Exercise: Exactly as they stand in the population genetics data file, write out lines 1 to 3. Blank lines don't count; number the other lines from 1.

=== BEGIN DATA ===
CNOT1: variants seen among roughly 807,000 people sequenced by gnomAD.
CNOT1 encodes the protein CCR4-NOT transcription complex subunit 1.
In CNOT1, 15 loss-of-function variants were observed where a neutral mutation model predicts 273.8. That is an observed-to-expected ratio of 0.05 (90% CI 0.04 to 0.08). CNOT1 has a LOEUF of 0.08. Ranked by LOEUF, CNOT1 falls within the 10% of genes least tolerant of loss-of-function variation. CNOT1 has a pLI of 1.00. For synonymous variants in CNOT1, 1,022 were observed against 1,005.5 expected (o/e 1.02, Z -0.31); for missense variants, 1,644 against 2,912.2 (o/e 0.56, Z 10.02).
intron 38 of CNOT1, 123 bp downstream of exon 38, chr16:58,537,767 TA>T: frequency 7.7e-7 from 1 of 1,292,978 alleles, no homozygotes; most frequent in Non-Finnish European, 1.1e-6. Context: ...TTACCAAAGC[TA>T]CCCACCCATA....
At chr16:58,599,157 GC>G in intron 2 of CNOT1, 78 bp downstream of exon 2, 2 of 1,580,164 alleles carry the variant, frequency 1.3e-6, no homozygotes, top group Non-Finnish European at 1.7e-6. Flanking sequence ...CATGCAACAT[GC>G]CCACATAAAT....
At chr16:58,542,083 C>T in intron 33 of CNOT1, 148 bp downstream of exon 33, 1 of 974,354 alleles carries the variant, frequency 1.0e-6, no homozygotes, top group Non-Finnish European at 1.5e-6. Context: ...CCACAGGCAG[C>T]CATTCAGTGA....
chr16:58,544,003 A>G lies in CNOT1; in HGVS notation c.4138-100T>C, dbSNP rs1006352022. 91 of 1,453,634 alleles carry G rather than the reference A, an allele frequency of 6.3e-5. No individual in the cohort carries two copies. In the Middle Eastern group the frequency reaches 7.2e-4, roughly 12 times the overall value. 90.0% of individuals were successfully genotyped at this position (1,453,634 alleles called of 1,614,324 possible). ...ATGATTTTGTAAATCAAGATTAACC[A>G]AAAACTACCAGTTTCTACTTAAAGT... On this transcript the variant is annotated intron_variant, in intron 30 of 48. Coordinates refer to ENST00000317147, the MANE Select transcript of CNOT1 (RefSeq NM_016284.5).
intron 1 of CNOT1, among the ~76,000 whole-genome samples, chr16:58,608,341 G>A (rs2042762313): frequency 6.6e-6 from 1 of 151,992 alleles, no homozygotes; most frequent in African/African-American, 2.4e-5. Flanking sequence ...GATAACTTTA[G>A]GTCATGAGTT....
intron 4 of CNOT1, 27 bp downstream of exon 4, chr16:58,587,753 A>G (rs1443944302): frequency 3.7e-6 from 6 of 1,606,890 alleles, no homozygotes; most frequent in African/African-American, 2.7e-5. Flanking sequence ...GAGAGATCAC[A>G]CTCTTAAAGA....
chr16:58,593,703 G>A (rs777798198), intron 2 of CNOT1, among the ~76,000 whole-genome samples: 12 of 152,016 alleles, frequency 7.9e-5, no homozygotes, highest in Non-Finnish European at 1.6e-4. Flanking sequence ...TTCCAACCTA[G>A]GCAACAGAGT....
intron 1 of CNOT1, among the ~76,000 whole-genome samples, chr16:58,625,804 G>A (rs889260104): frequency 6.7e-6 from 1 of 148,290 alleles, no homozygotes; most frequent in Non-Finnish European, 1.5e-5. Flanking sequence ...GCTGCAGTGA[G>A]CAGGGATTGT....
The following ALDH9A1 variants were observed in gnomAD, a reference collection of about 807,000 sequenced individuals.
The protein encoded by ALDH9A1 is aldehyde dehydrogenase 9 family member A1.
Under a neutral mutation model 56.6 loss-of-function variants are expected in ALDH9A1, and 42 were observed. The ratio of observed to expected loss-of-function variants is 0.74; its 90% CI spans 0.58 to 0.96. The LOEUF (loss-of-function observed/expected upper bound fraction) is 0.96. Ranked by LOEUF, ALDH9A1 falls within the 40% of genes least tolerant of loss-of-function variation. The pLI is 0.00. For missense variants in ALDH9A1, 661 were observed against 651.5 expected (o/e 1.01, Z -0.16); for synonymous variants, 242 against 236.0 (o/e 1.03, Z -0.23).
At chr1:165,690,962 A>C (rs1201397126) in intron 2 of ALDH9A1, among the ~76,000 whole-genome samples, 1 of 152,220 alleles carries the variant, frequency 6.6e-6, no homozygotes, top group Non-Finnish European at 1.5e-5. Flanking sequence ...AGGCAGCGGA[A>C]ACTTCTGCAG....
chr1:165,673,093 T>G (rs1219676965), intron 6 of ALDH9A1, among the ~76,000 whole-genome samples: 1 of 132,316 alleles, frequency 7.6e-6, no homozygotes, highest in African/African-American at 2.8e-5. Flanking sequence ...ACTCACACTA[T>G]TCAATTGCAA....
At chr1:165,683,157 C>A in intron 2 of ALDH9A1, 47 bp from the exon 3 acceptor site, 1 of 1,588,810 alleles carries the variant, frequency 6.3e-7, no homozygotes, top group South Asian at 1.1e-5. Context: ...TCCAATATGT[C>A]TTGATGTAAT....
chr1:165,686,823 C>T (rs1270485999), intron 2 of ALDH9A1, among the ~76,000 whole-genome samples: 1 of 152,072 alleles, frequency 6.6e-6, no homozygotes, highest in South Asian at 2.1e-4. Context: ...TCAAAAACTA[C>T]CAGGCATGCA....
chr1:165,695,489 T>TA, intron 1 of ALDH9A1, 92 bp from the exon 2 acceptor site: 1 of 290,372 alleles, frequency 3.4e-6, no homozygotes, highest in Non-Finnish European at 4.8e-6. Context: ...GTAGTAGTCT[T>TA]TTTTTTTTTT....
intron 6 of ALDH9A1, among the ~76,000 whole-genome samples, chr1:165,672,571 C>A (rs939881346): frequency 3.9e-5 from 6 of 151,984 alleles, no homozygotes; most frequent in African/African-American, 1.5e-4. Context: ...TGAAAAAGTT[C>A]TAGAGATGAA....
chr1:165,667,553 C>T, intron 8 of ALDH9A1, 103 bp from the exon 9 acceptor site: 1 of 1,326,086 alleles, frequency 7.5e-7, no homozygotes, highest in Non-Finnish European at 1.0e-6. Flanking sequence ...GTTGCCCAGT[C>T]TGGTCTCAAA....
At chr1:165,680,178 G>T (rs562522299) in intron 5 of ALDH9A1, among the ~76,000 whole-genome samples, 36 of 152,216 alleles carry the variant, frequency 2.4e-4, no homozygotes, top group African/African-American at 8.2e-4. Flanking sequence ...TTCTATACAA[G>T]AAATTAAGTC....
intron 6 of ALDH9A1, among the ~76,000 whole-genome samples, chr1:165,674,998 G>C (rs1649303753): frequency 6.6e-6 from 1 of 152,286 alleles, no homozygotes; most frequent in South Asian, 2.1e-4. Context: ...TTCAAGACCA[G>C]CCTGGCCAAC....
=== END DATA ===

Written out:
CNOT1: variants seen among roughly 807,000 people sequenced by gnomAD.
CNOT1 encodes the protein CCR4-NOT transcription complex subunit 1.
In CNOT1, 15 loss-of-function variants were observed where a neutral mutation model predicts 273.8. That is an observed-to-expected ratio of 0.05 (90% CI 0.04 to 0.08). CNOT1 has a LOEUF of 0.08. Ranked by LOEUF, CNOT1 falls within the 10% of genes least tolerant of loss-of-function variation. CNOT1 has a pLI of 1.00. For synonymous variants in CNOT1, 1,022 were observed against 1,005.5 expected (o/e 1.02, Z -0.31); for missense variants, 1,644 against 2,912.2 (o/e 0.56, Z 10.02).